Sony calls the Xperia E1 the "best smartphone in its class". They're big words, but you really need to look a bit deeper to see how limited this bold claim actually is.
It's based on the phones that were around in November 2013, and leaves out many of the mobiles you might consider Xperia E1 rivals – there's no comparison to the Motorola Moto E, ZTE Blade V, Nokia Lumia 630, and not even the Huawei Ascend Y300. If not flat-out unfair, it's at least out of date.
The moral of this story – don't believe the hype.
However, the Sony Xperia E1 is pretty aggressively priced, and leaves out most of the right things in order to keep the cost low. This is a no-nonsense 3G phone.
You miss out on 4G, in a time when this faster kind of mobile internet is starting to filter down to ultra-cheap phones like the Alcatel One Touch Pop S3 and the EE Kestrel. Are people who want to buy a cheap phone likely pay the premium for a good 4G contract though? I don't think so. A 3G-only phone still makes sense at this price point, for now.
Other bits chopped out include ac-grade Wi-Fi, NFC and an IR transmitter. Just like 4G, though, I can't image these being particularly high priorities for someone looking to buy a phone on a very tight budget.
Why? They all require other bits of (generally pricey) gadgetry to be particularly useful. You'd need an ac-compatible router to make use of Wi-Fi ac, an NFC speaker or pair of headphones to make good use of NFC now that it isn't used all that much for wireless payments. And you need a good home entertainment system to warrant using an IR transmitter to turn your Xperia E1 into a universal remote.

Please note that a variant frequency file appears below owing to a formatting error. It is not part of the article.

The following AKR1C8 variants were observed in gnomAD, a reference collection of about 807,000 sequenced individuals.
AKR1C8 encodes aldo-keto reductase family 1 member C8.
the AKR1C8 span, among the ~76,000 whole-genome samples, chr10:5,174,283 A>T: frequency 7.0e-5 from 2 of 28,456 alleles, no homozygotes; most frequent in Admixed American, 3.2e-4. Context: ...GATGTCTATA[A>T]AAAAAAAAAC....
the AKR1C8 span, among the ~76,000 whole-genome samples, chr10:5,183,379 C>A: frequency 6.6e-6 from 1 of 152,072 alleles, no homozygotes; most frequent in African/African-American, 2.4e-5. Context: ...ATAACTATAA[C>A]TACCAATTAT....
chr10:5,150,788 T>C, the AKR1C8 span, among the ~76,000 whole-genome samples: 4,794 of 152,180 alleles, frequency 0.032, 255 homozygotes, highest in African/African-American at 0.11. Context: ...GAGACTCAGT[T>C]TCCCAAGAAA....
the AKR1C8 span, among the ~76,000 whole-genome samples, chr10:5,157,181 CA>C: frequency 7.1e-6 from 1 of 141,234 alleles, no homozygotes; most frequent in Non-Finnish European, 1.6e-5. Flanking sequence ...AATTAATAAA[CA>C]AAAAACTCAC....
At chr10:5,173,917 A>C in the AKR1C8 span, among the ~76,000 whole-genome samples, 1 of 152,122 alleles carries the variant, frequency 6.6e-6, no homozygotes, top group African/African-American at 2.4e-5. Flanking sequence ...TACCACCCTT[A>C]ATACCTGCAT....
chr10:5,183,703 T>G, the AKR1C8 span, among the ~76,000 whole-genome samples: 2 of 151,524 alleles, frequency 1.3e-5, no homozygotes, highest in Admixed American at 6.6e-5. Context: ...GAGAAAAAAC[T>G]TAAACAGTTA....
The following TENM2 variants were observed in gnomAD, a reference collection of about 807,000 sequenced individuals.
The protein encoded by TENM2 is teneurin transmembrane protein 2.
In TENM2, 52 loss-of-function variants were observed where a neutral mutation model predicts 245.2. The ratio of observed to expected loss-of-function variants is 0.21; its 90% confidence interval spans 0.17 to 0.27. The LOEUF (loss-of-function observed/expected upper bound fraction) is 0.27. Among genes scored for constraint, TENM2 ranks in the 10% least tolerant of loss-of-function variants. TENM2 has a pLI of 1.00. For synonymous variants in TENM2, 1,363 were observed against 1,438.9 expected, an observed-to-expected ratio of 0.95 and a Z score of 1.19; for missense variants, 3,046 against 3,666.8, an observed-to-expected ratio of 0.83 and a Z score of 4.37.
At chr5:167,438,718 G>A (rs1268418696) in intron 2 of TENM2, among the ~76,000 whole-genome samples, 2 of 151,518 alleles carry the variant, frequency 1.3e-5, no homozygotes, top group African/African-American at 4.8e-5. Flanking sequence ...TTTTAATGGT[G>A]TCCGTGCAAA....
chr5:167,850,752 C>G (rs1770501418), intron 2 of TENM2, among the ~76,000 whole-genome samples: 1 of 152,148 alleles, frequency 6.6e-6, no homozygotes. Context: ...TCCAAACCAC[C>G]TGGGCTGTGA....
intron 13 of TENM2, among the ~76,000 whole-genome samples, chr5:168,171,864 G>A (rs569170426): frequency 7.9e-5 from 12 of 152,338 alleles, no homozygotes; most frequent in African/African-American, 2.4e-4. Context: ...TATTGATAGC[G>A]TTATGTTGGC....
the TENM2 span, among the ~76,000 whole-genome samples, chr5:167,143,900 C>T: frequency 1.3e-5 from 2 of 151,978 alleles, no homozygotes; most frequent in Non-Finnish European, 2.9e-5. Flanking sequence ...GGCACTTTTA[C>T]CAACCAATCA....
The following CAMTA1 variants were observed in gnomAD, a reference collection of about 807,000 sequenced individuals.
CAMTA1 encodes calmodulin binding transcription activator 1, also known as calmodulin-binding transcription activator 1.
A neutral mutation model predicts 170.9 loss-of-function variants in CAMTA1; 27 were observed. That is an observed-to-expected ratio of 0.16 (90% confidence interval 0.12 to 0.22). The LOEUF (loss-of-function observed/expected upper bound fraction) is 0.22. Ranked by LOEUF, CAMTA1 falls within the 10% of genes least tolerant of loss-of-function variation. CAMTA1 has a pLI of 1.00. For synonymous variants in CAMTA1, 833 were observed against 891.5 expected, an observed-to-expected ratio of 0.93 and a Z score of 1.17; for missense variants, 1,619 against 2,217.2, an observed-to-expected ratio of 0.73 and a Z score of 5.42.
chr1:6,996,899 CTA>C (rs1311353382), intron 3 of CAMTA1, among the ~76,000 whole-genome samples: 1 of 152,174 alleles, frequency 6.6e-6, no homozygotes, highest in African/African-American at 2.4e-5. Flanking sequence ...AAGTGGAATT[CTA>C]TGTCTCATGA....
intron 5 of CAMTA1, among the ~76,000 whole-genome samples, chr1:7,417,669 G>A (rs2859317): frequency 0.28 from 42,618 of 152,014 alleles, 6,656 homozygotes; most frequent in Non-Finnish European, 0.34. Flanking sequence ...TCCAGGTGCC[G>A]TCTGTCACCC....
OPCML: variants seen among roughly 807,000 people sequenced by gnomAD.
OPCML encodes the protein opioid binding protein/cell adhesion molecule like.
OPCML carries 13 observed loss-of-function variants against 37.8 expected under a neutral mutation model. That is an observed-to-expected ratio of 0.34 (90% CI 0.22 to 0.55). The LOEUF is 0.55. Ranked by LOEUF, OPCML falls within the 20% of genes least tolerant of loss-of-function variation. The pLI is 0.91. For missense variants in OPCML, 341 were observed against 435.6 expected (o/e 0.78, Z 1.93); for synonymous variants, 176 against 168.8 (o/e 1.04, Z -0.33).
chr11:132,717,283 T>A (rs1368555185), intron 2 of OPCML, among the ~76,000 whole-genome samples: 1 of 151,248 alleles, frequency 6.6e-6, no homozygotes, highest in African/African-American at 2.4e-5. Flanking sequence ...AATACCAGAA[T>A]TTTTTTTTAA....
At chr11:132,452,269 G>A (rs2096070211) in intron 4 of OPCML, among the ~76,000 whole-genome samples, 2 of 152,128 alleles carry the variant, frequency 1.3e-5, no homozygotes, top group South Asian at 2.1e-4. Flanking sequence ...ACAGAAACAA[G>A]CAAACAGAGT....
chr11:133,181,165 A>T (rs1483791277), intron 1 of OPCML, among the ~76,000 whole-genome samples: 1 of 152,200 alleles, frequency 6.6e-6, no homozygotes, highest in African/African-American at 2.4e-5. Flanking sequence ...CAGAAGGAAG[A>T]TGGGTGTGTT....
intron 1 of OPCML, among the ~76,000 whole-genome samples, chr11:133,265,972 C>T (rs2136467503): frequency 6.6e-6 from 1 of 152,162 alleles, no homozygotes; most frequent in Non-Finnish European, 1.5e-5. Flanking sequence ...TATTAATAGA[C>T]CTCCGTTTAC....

Sticking to the basics instead, the Sony Xperia E1 gets you n-grade Wi-Fi, GPS, Bluetooth 4.0 and 21Mbps HSPA (its fastest 3G standard). This is actually more than enough for most people, not just those out for a cheap phone. Crucially, it should mean you could use the phone with an Android Wear smartwatch like the Moto 360 or LG G Watch should you want to invest in one of those further down the line.
The hardware is basic but solid, but what about the software? The Sony Xperia E1 runs Android 4.3 Jelly Bean with the same style of custom interface seen in Sony's other Android phones.
Android 4.3 is not the latest version of the Google mobile OS, and hasn't been for a while now. Sony has confirmed that the Xperia E1 will get Android 4.4.2, although I wouldn't expect such updates to turn up quickly.
Why did the phone ship with an already-old version of Android? I imagine it's down to the extra work needed to get Android 4.4.2 and the custom Sony interface working on as low-end an engine as the Xperia E1 has.
The phone uses a Qualcomm MSM8210 Snapdragon 200 processor. It's a low-end dual-core 1.2GHz chipset, but can provide perfectly good performance in my experience.
Several phones around the same price do have a solid 1GB of RAM, including the Alcatel One Touch Pop S3, the Motorola Moto E and the ZTE Blade V. Trying to 'get away' with 512MB is a misstep on Sony's part.